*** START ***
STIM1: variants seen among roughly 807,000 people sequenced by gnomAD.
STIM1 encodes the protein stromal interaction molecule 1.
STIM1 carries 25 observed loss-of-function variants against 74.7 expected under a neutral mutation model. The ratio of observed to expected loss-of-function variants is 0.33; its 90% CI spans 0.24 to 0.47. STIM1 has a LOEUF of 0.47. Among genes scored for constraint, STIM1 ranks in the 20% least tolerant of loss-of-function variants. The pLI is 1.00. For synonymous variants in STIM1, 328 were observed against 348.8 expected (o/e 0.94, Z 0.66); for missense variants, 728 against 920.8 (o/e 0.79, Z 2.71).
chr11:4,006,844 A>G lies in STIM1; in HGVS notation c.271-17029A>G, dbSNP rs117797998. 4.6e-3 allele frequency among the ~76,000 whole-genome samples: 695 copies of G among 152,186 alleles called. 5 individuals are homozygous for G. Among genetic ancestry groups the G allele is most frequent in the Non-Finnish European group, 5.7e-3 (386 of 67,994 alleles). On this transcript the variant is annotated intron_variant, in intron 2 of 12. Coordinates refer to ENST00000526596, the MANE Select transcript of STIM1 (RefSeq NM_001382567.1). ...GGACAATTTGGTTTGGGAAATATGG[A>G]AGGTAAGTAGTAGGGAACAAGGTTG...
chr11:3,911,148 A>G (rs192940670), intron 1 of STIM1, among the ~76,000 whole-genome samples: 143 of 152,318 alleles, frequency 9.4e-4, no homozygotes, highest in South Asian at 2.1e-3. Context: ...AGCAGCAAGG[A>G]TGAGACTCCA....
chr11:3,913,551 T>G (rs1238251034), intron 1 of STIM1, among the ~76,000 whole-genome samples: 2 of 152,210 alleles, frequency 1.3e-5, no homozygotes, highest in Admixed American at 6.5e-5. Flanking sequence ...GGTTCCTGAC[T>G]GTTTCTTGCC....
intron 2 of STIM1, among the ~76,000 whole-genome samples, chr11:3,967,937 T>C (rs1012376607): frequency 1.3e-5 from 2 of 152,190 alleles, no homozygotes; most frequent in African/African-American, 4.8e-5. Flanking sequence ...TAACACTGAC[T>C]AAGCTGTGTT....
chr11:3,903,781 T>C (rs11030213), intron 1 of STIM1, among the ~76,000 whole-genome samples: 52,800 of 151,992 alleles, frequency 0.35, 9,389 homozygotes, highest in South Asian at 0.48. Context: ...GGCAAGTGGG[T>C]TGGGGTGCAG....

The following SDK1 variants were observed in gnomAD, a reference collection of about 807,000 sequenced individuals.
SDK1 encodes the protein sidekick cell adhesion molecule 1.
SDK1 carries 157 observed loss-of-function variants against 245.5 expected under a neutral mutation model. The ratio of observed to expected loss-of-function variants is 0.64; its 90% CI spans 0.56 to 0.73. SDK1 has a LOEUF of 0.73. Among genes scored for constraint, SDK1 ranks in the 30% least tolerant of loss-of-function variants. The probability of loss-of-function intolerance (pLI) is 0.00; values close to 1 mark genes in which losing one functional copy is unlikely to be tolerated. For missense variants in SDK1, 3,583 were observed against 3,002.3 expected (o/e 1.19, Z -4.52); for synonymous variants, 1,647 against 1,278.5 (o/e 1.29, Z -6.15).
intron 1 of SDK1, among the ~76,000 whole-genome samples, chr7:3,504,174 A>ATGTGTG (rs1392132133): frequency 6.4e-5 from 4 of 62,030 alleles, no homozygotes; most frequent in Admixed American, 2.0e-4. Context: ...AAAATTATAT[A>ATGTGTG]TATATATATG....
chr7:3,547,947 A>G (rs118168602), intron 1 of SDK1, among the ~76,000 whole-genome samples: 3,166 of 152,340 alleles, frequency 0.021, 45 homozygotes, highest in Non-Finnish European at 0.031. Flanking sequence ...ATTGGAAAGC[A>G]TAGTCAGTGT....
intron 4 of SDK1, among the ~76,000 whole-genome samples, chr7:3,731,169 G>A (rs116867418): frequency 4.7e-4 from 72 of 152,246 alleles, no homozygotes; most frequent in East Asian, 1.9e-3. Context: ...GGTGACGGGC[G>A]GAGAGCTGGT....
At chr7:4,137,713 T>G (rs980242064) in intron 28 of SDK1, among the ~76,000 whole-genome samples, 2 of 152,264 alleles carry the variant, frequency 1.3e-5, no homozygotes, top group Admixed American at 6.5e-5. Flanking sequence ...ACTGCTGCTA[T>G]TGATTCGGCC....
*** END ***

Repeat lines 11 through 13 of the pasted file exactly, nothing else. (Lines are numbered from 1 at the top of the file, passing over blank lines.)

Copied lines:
SDK1 carries 157 observed loss-of-function variants against 245.5 expected under a neutral mutation model. The ratio of observed to expected loss-of-function variants is 0.64; its 90% CI spans 0.56 to 0.73. SDK1 has a LOEUF of 0.73. Among genes scored for constraint, SDK1 ranks in the 30% least tolerant of loss-of-function variants. The probability of loss-of-function intolerance (pLI) is 0.00; values close to 1 mark genes in which losing one functional copy is unlikely to be tolerated. For missense variants in SDK1, 3,583 were observed against 3,002.3 expected (o/e 1.19, Z -4.52); for synonymous variants, 1,647 against 1,278.5 (o/e 1.29, Z -6.15).
intron 1 of SDK1, among the ~76,000 whole-genome samples, chr7:3,504,174 A>ATGTGTG (rs1392132133): frequency 6.4e-5 from 4 of 62,030 alleles, no homozygotes; most frequent in Admixed American, 2.0e-4. Context: ...AAAATTATAT[A>ATGTGTG]TATATATATG....
chr7:3,547,947 A>G (rs118168602), intron 1 of SDK1, among the ~76,000 whole-genome samples: 3,166 of 152,340 alleles, frequency 0.021, 45 homozygotes, highest in Non-Finnish European at 0.031. Flanking sequence ...ATTGGAAAGC[A>G]TAGTCAGTGT....